- We begin with a data preparation layer focused on ensuring that the model is only trained with high quality data. Data cleansing and monitoring (facilitated by Microsoft Power BI) help with this, allowing us to track anomalies, such as missing data, and then build in resiliency for cases where data is missing or unintentionally biased.
- We rely on multiple encoding strategies (such as one hot encoding and target encoding) to allow the model to learn about features, such as drivers, that are high dimensional
- For modeling, we rely on an ensemble approach, a combination of multiple classifiers, each predicting a separate diagnostic signal of post-update experience (for example, the likelihood of experiencing a kernel mode crash). This allows better understanding of why a PC is likely to have a good (or poor) update experience.
Figure 4. Process for identifying the “best” PCs – preparing the data, creating individual models, and combining them into one score.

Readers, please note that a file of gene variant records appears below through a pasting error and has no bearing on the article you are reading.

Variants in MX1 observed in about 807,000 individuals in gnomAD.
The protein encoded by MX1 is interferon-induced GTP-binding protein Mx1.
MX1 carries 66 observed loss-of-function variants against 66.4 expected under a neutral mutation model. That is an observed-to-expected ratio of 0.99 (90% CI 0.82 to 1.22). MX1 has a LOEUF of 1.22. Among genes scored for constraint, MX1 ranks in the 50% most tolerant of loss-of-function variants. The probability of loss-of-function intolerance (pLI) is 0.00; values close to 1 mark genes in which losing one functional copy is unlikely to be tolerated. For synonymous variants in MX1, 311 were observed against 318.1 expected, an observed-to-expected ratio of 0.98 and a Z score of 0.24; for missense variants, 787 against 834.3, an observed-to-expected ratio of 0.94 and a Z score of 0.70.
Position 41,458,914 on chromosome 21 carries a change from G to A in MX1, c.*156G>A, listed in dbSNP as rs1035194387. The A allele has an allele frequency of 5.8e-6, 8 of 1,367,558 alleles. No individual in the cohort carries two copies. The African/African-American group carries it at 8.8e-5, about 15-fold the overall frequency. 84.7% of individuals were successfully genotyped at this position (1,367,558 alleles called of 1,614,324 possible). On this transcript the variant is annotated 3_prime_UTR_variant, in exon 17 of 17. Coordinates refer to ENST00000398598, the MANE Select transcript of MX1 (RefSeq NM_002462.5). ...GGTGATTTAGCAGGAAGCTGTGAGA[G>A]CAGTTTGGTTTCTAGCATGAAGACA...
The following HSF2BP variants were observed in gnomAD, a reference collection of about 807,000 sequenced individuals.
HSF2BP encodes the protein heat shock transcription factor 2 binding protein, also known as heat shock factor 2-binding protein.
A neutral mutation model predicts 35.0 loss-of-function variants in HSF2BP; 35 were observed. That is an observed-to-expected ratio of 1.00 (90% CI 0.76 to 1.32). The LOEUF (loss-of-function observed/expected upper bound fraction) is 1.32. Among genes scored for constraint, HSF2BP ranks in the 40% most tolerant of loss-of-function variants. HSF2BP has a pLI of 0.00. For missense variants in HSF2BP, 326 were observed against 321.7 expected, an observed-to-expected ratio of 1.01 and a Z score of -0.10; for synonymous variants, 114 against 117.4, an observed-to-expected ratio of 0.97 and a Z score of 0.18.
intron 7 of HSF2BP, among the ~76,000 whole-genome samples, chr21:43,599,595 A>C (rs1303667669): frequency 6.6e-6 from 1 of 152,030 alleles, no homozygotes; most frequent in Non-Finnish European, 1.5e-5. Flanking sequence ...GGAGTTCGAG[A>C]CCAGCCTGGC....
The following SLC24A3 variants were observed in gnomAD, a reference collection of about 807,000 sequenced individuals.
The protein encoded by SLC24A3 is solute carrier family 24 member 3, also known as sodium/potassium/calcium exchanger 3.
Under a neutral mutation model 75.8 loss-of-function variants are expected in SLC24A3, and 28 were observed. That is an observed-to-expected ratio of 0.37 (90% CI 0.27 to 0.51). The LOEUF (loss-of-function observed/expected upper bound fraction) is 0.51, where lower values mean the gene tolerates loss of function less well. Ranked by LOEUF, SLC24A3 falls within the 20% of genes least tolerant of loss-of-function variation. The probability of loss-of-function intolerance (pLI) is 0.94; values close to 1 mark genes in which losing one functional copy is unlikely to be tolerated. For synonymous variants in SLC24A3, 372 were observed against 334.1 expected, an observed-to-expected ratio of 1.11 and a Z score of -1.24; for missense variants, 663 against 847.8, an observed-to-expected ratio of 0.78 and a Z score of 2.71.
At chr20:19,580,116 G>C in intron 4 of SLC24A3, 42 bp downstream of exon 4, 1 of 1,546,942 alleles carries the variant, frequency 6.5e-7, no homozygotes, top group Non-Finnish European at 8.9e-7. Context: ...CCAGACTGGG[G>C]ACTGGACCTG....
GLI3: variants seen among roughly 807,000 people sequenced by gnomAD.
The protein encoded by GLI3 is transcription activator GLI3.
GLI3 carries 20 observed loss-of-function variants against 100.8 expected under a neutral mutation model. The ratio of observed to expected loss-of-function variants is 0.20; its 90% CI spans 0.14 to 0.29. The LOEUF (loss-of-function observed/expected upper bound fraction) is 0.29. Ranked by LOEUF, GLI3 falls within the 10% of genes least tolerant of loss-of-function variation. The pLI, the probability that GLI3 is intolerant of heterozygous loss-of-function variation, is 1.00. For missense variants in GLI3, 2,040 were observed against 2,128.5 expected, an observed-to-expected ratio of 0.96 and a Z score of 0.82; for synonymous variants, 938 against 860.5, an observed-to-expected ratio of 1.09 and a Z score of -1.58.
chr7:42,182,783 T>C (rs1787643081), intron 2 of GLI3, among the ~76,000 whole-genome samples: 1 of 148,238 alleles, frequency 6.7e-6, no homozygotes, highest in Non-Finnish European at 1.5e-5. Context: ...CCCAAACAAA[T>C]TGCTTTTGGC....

- The classification algorithms used in this space tend to be logistic regression models or boosted trees (as those are shown to have better, more consistent performance in this space).
- The models are also tuned to the best parameters, both in terms of generic parameters (such as the regression penalization factor), as well as a dozen or so custom parameters (for example, the optimum training-validation-test-ensemble split). We use typical classification assessment metrics (e.g. the area under the receiver operating characteristics, or ROC, curve) to understand the accuracy of each model and to pick the best set of parameters. For each release, we thoroughly test hundreds of parameter combinations and modeling strategies to pick the best performing model.
These elements all come together as follows: If your PC is eligible to receive an update, we will apply the best-known ML model to your configuration to assess how likely your PC is to have a good update experience and which compatibility issues we need to fix in order to ensure your update experience will be great.